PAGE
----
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How to become a landlord

22/01/18 | Advice & Guidance, Landlords

With first time buyers finding it more difficult than ever to get onto the property ladder, the rental market is starting to see a rise. More people than ever are considering investing their money in property, with the expectation of receiving a return monthly. Offering more benefits than keeping the money in a savings account.

If you are considering becoming a landlord, first of all its important to consider the responsibility that comes with it – learning by trial and error is only going to become a frustration for you, its better to do your research first and consider how getting on the investment ladder best suits you.

Here are a few top tips to start your studying before taking the plunge in becoming a landlord:

  1. Live near your rental property – If you plan on managing the property yourself it is recommended you live close by, before you go about buying your first property choose an area which will provide you the return and keep your properties in a similar location. If you do not live near a prime rental location, you can still invest in one and hire a management company to take care of the day to day details for you.


  1. Self-assessments with HMRC – You will need to set yourself up as a business owner to avoid getting in trouble with the taxman, this process is simple if experienced but will require time. This is a service offered within the Sidekick support.


  1. Understand this is not a get rich quick scheme – A single property will not return a wad of cash monthly. Before you rent the property, you will need to get the property ‘rental ready’ with cosmetic updates. You will also pay landlords insurance, accounting costs, acquire a buy-to-let mortgage if you will not be paying in cash and pay property taxes. If you decide to hire a management company, this will also be an additional cost for you. Ideally you want to be purchasing a property in a location where you can charge enough rent to still offer you a profit once all expenses have been accounted for.


  1. Costs of being a landlord could include:
  • Repairs if something happens to go wrong
  • Mortgage repayments if you don’t own your property outright you still need to pay your mortgage
  • The property needs to be up to standards including fire safety precautions, electrical upgrades and more such as refurbishment
  • If you decide to rent out as furnished you will need to include a fully furnished property, which will include replacements should anything become damaged or unsafe
  • Agency fees could be between 10 – 15% of the rent if you decide to have your daily responsibilities handled elsewhere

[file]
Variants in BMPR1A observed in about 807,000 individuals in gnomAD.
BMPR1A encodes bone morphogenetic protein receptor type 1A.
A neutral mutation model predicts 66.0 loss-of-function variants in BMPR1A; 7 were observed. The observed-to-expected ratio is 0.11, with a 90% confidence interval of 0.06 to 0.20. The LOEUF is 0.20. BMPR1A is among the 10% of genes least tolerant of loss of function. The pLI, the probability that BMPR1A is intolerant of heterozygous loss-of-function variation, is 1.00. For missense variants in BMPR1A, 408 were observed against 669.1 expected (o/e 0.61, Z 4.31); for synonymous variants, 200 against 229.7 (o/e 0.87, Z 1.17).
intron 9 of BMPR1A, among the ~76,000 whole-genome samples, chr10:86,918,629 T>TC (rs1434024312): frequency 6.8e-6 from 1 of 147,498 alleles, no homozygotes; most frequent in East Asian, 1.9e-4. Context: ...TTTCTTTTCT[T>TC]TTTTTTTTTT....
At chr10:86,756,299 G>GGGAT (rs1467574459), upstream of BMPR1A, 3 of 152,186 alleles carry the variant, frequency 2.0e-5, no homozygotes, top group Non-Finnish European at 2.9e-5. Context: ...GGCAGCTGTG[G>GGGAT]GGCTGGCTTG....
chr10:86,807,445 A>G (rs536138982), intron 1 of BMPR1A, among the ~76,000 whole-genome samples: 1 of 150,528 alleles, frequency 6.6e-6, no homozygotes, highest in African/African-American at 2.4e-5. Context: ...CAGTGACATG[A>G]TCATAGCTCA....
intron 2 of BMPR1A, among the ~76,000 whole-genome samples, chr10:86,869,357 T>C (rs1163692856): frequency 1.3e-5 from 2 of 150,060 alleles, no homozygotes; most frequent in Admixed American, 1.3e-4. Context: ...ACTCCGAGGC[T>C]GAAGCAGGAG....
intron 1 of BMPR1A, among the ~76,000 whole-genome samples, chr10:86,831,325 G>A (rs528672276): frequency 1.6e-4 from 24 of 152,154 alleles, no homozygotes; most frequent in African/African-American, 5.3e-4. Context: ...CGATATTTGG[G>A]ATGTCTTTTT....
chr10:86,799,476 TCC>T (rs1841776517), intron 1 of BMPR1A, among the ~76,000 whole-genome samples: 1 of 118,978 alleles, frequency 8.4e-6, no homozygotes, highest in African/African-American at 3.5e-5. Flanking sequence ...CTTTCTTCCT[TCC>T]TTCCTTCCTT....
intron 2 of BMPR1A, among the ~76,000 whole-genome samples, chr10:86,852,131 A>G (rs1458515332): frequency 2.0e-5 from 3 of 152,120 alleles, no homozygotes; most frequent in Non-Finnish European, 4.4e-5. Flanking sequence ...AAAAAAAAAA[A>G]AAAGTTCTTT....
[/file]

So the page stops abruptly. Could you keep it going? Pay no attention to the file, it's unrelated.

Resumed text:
• It’s a legal requirement for your property to have an EPC (Energy Performance Certificate. However these are renewal every 10 years therefore will not be a regular expense
  • As the landlord, you’ll be responsible for sorting out insurance to protect your property against accidental damage, such as fire and flooding. Your tenant will need to arrange their own contents insurance if they want to protect their possessions


  1. Finding the right tenant for your property is going to be extremely important, to protect yourself and your property, therefore you must specify the ideal tenant, whilst staying on the right side of the law. You can choose to advertise yourself which will restrict where you can advertise, or choose to advertise with a letting agent where your background checks on tenants and advertising costs will be covered.


Background checks will include looking at the applicants:

  • Current history
  • Current debts
  • Evictions
  • Criminal records
  • Public records
  • References (Work and Living history)


To avoid any discrimination charges, it is important to be aware of The Equality Act 2010 which protects applicants against unlawful discrimination, including refusing rental based on disability, race, religion, gender reassignment, sex and sexuality. This may also include having to make adjustments for disabilities, for example ramps in the property or an audio version of the tenancy agreement.


  1. Learn more about ‘allowable expenses’ as a landlord contact the Sidekick team for advice on what you are able to deduct and how to go about achieving this.

This could include:

  • Letting agent fees
  • Legal fees
  • Accountant fees
  • Buildings and contents insurance
  • Maintenance and repair costs
  • Utility bills
  • Cleaning services
  • Direct costs such as stationery, phone calls, and advertising


In summary, becoming a landlord can provide a profitable future and long-term security. It enables you to make decisions as a business owner, whilst managing your own investment. It is not a responsibility to be taken lightly however once you take the leap the rewards are excellent.

For more advice contact the Sidekick team.


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